After graduating from North Carolina State University and Harvard Law School, I became a public defender in Florida and have continued in the field of public defense at a state agency. My work with poor people, especially those of color, has shown me how societal and policy decisions can and often do have an adverse impact on them. Nowhere is this more pronounced than in regard to the environment. Disadvantaged folks live downhill, downstream, and downwind in areas vulnerable to pollution and the consequences of rising temperatures. My concern for these communities, as well as our earth in general, has led me to take action.
Having grown up in Southeastern North Carolina, I am acutely aware of how bioemissions can make an area unlivable. From my time growing up and smelling the stench of a nearby pulp paper mill to holding my breath as I drive past an industrial hog facility on my way to and from my home town, I have a small idea of what it must be like to endure such burdens on a day-to-day basis. I believe that education, empathy, and a commitment to equity are key to bringing justice to the citizens of these communities and that change is possible if we all work together. My first step in that process will be to coordinate a webinar series for fall 2021 on the proposal to produce biogas from hog waste, with the goal of promoting understanding of the issue, the community’s concerns about it, possible solutions to it, and how people of faith can assist the community in its advocacy for the health and happiness of its citizens.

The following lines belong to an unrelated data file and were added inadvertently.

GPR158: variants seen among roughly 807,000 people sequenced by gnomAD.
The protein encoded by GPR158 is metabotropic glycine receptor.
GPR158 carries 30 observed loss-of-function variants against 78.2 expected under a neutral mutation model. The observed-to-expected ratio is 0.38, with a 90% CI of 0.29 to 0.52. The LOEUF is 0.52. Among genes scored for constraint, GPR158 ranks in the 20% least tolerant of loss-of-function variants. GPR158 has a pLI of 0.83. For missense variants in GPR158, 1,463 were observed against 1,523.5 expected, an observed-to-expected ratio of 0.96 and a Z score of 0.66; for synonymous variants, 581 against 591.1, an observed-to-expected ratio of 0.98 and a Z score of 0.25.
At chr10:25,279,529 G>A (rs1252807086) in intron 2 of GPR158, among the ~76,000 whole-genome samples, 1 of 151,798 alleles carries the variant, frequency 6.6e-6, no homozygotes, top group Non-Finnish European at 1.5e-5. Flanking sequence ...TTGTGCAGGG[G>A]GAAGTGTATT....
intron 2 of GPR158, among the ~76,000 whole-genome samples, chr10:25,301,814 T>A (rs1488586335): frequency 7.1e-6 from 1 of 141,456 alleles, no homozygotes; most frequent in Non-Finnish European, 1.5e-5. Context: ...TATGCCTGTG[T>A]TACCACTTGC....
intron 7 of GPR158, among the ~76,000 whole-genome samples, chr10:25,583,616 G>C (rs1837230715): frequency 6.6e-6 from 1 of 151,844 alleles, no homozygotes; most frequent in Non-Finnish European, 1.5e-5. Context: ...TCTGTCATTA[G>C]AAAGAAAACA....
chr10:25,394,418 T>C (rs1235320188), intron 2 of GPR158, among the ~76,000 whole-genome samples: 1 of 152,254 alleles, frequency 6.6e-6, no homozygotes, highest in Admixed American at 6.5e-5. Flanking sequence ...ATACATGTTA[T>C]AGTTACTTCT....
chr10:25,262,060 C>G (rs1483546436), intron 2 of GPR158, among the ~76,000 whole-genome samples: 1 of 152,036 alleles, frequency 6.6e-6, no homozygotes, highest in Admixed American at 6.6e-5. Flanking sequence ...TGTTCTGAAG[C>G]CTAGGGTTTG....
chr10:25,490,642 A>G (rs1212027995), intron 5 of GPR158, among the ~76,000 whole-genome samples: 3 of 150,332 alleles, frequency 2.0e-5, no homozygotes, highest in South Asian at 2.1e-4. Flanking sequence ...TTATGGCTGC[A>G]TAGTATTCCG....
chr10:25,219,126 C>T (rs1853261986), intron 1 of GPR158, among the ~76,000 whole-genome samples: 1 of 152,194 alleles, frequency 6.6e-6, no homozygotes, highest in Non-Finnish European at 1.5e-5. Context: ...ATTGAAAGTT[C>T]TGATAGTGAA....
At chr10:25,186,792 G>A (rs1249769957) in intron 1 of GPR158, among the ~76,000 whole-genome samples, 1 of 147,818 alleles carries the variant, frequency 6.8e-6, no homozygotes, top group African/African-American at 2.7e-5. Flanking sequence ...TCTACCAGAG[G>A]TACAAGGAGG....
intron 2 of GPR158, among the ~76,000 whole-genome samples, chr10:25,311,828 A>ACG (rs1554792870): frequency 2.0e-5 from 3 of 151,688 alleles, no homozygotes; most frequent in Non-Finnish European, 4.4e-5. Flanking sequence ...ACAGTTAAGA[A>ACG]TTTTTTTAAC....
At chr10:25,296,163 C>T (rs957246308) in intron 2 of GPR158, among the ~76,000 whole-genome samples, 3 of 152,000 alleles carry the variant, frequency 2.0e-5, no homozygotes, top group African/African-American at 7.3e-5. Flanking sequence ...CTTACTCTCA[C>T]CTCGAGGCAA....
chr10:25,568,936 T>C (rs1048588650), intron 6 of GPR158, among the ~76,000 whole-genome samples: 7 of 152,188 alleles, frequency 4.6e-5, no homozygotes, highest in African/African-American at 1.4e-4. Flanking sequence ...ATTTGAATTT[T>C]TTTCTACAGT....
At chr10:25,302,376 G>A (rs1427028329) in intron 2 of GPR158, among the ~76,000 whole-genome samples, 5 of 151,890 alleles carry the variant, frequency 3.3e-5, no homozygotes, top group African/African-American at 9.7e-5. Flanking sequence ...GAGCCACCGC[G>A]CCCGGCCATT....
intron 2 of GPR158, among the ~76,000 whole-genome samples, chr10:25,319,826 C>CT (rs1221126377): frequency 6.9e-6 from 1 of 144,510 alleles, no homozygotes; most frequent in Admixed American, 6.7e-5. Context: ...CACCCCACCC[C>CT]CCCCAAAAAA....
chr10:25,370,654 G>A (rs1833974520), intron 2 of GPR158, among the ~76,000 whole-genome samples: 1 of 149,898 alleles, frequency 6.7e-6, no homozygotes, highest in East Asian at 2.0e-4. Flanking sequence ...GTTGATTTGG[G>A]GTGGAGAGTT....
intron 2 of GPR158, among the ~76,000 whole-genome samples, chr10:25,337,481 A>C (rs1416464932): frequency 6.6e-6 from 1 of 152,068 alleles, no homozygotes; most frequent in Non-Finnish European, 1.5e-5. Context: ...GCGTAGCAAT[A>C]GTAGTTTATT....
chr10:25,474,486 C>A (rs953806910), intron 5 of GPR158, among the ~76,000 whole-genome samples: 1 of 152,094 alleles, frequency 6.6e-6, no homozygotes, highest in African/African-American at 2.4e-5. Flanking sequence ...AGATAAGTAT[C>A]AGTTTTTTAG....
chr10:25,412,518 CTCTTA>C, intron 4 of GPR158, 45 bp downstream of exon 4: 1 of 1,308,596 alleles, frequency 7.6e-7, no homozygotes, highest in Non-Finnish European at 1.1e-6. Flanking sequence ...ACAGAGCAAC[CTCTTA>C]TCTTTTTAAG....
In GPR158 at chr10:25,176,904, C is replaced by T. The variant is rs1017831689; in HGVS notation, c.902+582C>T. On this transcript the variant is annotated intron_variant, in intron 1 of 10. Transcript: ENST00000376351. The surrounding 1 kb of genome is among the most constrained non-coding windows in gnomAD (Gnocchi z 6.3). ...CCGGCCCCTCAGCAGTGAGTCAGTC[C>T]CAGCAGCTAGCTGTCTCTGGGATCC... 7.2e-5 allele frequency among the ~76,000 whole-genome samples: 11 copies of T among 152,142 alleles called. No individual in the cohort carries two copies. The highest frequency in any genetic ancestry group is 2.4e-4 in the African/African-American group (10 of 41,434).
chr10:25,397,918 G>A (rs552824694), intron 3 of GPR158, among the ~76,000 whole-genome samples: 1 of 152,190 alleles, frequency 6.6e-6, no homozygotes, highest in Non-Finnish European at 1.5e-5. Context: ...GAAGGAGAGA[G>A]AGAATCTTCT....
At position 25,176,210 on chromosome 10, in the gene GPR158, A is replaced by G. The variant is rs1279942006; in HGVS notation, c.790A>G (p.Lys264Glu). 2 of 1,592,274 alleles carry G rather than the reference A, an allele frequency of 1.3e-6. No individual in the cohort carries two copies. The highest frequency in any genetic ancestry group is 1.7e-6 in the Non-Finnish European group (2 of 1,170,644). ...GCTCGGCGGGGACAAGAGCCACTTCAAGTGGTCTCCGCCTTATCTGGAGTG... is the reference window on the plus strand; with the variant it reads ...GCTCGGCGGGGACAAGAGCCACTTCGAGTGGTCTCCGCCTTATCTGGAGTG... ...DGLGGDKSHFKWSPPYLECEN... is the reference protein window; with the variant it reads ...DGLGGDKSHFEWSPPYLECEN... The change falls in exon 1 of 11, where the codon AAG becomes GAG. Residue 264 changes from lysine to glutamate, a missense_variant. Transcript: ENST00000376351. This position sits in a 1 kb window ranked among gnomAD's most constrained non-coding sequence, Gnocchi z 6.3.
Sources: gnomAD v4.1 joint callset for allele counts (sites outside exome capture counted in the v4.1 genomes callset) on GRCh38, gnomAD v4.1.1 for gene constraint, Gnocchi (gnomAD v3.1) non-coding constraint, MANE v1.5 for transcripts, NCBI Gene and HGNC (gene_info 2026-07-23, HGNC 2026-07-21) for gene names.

Contact Susan: firstname.lastname@example.org.
Susan Brooks is excited to begin working with NCIPL as she feels a calling to be more involved in environmental, particularly environmental justice, issues. Susan has served at the North Carolina Office of Indigent Defense Services (IDS) in various capacities since 2003. Susan graduated summa cum laude from North Carolina State University in 1990 with a B.A. in English and a minor in Political Science. Upon graduation from Harvard Law School in 1994, Susan worked for the public defender office in Jacksonville, Florida and then at a couple of private civil practice law firms in North Carolina before joining IDS, where she seeks to assure that attorneys appointed to represent poor people in the state have the resources, training, and support they need to best serve their clients. Susan is active at Benson Memorial United Methodist Church in Raleigh, where she serves as lay leader and vice-chair of the Church & Society Committee, promoting awareness and education within the congregation and the community on issues such as climate change, ecology, racism, homophobia, poverty, and other societal concerns. Susan lives with a handsome tabby cat named Gadget.